BIRMINGHAM, Ala. -- A former football player for the University of Alabama at Birmingham was sentenced on Wednesday to life in prison in the death of a nursing student who was shot during an online sale that went bad.
Carlos Stephens, 24, was convicted in April of capital murder in the 2020 shooting death of Destiny Washington, 20.
The shooting happened on UAB's campus during the sale of $90 AirPods. Stephens claimed he fired in self-defense after Washington's boyfriend pulled a gun first.
Jefferson County Circuit Judge Kechia Davis said the case was "tragic on so many levels," al.com reported.
"This is so sad for me because two young lives were taken from Jefferson County. Two young Black lives, and I feel like they were both on the road to being very successful -- Destiny Washington and Mr. Stephens," she said.
The shooting happened during the sale of a pair of AirPods that Washington's boyfriend was selling to Stephens' girlfriend. The transaction went sour amid accusations of counterfeit money and a fake product and ended with a deadly shot fired by Stephens.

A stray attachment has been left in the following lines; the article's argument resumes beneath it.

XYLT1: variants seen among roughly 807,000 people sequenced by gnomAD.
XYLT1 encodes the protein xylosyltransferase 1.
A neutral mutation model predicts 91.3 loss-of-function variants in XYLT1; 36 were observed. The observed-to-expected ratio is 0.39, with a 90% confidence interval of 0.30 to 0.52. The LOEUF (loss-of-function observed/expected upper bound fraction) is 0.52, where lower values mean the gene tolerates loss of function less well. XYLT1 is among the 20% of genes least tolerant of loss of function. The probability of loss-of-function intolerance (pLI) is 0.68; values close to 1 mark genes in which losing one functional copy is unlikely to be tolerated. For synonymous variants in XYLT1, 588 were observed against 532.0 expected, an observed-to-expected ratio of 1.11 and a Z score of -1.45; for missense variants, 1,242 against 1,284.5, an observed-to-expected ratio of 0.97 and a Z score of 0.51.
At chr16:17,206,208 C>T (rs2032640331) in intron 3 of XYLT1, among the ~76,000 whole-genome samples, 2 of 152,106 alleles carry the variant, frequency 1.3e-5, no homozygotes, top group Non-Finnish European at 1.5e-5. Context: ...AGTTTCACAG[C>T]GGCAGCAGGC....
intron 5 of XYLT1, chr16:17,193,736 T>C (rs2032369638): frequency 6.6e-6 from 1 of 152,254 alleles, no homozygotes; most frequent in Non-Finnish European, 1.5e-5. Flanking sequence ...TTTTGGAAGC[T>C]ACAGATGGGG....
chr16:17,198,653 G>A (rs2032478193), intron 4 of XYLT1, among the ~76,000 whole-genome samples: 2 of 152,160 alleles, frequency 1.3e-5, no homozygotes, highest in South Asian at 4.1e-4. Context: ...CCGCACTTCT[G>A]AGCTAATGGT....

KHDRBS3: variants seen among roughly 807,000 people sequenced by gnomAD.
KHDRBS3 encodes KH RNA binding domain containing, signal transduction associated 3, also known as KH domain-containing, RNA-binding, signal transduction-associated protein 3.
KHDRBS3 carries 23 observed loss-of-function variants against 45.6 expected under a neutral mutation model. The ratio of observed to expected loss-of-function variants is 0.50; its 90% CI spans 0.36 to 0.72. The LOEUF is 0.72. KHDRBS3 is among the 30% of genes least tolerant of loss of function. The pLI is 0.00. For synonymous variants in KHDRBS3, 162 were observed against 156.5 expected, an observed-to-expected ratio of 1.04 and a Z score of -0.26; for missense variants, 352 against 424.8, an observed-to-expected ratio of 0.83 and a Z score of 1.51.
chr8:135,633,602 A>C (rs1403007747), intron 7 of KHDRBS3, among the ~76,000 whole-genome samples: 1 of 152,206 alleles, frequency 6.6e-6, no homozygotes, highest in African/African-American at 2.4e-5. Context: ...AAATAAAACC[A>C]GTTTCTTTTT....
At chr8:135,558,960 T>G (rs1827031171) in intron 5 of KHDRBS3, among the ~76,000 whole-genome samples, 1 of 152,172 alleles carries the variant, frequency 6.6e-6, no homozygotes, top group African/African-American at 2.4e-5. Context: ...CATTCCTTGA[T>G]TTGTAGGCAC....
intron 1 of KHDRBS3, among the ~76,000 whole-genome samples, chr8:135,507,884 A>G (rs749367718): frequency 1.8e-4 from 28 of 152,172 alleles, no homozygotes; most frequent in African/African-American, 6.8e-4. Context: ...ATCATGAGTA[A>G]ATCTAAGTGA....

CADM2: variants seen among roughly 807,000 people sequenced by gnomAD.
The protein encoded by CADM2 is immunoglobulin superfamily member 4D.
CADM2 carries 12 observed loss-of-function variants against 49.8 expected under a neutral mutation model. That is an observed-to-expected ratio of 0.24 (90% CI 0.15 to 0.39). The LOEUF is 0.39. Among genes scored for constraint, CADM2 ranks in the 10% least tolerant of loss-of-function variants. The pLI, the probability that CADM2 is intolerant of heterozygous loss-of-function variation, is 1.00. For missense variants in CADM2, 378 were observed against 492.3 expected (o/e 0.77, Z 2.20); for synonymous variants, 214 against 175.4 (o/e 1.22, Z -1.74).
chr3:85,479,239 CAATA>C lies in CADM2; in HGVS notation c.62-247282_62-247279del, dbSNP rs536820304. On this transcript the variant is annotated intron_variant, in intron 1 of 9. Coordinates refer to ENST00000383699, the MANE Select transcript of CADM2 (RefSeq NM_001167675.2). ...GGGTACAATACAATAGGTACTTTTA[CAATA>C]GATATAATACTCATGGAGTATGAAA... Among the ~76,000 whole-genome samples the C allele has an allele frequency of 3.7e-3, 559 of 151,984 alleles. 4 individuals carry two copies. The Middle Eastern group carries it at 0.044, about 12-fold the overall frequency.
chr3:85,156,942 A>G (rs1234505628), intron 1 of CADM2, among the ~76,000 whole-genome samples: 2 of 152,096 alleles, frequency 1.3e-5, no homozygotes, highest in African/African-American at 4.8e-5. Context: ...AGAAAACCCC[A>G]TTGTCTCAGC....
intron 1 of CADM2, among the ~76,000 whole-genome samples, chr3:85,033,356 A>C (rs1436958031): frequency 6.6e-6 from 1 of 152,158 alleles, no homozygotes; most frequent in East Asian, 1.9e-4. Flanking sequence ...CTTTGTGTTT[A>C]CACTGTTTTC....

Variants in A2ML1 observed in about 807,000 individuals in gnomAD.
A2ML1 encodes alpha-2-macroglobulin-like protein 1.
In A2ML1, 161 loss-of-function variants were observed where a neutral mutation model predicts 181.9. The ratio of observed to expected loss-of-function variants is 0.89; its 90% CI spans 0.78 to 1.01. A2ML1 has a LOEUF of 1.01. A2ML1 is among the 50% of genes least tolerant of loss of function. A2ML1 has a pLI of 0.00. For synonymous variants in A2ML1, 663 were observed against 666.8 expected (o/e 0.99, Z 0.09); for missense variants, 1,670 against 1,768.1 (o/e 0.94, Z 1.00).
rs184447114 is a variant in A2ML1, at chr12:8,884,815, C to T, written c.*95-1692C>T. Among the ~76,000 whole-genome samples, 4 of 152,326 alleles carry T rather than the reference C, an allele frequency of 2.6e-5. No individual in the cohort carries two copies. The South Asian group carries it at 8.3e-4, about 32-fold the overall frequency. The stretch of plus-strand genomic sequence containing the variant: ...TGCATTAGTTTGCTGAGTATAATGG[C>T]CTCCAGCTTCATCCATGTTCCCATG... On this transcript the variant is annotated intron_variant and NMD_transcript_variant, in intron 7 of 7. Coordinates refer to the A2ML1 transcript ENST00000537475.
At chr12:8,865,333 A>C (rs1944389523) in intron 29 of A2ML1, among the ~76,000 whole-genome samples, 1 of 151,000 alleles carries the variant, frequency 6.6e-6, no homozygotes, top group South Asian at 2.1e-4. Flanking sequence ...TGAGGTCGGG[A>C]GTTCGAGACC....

Stephens surrendered to police two days after the shooting. His attorneys claimed their client fired in self-defense only after Washington's boyfriend pulled a gun and threatened to "blow him away."
Washington's parents, Randy and Tora Washington, stood before the court Wednesday and delivered an emotional impact statement, at one point addressing Stephens.
"Destiny did not get a choice on Dec. 17, 2020. The choice that you made on that night to discharge a gun toward her vehicle comes with consequences," Tora Washington said. "It may not be a consequence that you think is fair, but your parents will get a chance to hear your voice, see your face, and hug you. I will never get to do those things again with Destiny on this earth."
Tora Washington said her daughter was set to graduate with a nursing degree from Lawson State in May 2021. She was in a dual enrollment program at UAB and was looking forward to furthering her education at UAB.
"She knew at an early age that she wanted to help people," she said. "For career day at age 6 -- she dressed the part. She wanted to be a nurse. She was a people person and did not mind helping anyone."
Following sentencing, more than a dozen of Stephens' family members were allowed to hug him and briefly speak with him one at a time.